I was recently perusing the excellent website Over the Footlights [www.overthefootlights.co.uk] and came across an entry for a musical, Very Good, Eddie! This had been performed in 1918 at the Palace, a theatre which I had excluded in the 1910-1919 Calendar on the grounds that it presented variety entertainments. However, I clearly should have made an exception for this musical comedy.  Below is the entry as it might have appeared; the information has been gathered from several sources, not least the invaluable Footlights mentioned above.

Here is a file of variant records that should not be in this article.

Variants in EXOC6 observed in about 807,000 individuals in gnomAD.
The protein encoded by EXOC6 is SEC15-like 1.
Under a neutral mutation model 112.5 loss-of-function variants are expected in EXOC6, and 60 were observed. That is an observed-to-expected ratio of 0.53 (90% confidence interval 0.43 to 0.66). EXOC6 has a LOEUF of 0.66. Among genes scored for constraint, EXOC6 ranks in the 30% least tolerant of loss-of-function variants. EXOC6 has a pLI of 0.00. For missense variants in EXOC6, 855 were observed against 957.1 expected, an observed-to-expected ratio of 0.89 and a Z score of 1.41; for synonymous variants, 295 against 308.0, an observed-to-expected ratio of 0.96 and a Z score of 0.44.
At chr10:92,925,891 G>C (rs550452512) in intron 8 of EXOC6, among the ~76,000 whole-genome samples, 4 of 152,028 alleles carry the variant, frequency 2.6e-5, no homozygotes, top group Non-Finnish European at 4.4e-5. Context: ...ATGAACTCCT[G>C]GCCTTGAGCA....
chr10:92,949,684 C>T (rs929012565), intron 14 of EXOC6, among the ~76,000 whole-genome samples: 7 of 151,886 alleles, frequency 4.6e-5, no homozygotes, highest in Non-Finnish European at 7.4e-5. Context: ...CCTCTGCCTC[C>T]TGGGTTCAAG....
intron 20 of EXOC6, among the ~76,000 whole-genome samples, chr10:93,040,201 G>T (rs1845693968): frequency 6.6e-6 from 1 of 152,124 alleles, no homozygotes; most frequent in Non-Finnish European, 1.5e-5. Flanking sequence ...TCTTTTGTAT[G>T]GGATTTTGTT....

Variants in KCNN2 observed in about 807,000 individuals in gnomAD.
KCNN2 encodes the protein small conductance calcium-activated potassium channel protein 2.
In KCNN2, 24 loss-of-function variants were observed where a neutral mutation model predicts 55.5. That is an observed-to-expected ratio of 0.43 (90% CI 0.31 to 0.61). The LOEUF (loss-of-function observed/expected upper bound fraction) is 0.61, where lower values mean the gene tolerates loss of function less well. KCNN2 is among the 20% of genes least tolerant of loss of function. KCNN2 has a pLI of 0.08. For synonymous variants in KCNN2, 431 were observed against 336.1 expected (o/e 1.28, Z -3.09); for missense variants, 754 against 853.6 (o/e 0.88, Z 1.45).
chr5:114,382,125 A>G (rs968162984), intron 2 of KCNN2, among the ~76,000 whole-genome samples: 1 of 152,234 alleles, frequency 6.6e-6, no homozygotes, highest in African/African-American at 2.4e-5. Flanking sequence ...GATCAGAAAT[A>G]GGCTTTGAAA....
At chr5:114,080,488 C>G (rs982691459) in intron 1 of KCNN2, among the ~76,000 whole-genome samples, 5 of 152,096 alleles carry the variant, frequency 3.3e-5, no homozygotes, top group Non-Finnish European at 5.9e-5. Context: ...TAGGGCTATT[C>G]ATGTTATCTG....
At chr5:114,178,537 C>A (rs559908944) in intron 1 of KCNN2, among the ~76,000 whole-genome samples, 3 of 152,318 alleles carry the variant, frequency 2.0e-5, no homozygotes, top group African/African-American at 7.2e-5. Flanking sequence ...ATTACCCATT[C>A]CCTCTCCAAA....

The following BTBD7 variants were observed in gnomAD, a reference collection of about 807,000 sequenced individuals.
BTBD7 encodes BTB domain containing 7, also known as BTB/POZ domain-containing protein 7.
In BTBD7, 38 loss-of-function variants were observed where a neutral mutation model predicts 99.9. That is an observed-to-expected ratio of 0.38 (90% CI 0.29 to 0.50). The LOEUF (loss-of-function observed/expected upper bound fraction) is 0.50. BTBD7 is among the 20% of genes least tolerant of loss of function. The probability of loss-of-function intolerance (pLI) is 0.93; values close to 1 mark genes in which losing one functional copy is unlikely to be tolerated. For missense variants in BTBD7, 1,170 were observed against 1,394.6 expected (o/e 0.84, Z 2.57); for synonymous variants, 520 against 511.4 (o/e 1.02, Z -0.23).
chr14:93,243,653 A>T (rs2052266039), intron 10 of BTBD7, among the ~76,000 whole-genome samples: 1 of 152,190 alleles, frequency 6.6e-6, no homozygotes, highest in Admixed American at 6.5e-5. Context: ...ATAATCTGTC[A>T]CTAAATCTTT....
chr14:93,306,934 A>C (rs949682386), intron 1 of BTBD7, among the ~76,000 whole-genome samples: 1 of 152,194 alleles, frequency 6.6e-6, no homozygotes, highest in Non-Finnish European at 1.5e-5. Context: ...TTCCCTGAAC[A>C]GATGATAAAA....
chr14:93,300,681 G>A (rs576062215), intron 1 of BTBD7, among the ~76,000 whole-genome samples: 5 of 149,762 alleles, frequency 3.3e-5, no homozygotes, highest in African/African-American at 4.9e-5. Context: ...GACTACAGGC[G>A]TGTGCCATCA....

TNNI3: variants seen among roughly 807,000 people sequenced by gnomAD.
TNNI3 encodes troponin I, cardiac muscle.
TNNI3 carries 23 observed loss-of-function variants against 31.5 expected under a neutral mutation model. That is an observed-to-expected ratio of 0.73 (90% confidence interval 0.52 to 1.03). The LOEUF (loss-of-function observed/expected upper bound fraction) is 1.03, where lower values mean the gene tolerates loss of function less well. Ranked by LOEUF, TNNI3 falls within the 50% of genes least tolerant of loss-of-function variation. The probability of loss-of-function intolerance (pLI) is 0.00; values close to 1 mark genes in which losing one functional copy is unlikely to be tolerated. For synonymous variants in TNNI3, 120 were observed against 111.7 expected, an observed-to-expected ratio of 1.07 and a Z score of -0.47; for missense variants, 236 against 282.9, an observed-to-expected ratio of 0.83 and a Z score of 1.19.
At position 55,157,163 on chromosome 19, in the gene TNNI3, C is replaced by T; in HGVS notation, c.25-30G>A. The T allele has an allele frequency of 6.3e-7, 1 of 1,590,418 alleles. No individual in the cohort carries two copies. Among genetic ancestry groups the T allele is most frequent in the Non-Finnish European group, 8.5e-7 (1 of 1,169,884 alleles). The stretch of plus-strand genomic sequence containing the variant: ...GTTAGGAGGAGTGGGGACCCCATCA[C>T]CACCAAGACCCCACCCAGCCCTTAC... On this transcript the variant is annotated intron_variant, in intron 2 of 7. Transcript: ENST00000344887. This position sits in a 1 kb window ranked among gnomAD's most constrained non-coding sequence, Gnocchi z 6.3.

18.121b Very Good, Eddie! (MC, 2a) Jerome Kern (mus) and Schuyler Greene (lyr) and Melville Gideon (songs) and Sylvio Hein (songs) and Guy Bolton (bk) and Philip Bartholomew (bk; based on his Overnight, 1911). Palace 18/5/1918. 46 perf [w/W, Th, S mats; add mat 21/5]. 1st perfd Van Curler, Schenectady, 9/11/15. Eddie Kettle Nelson Keys; Dick Rivers Walter Williams; Percy Darling Stanley Turnbull; Al Cleveland Ralph Lynn; George François de Rougemont André Randall; A Purser George Grundy; Coloured Steward E. Trimmingham. Georgina Kettle Helen Temple; Elsie Darling Nellie Briarcliffe; Mme Matroppo Veronica Brady; Elsie Gray Madge Saunders; Victoria Lake Beryl Harrison; A Booth Girl Evie Graham. Pres Alfred Butt; Dir Guy Bragdon; Ch George Shurley; Mus dir Jaques Heuvel. Reviews: Stage 23/5/1918, 12; Times 20/5/18, 9. Comment: The plot concerned two couples of differing heights who cross paths on a boat headed to a honeymoon inn in Poughkeepsie and who accidentally trade partners in a farcical manner (Playbill). Times said the piece did not live up to the expectations aroused by the success of the New York production (Princess 23/12/15, 341 perf) but thought it was “just an ordinary cheerful, easy-going musical comedy.” The “first-night audience was thoroughly appreciative.” Stage provided a lengthy description of the “slight but quite sufficiently complicated plot” and concluded the production “provide[d] agreeable light entertainment, and there is no offence in it, despite Eddie’s happily passing exhilaration due to a ‘high ball’ and a ‘chaser.’”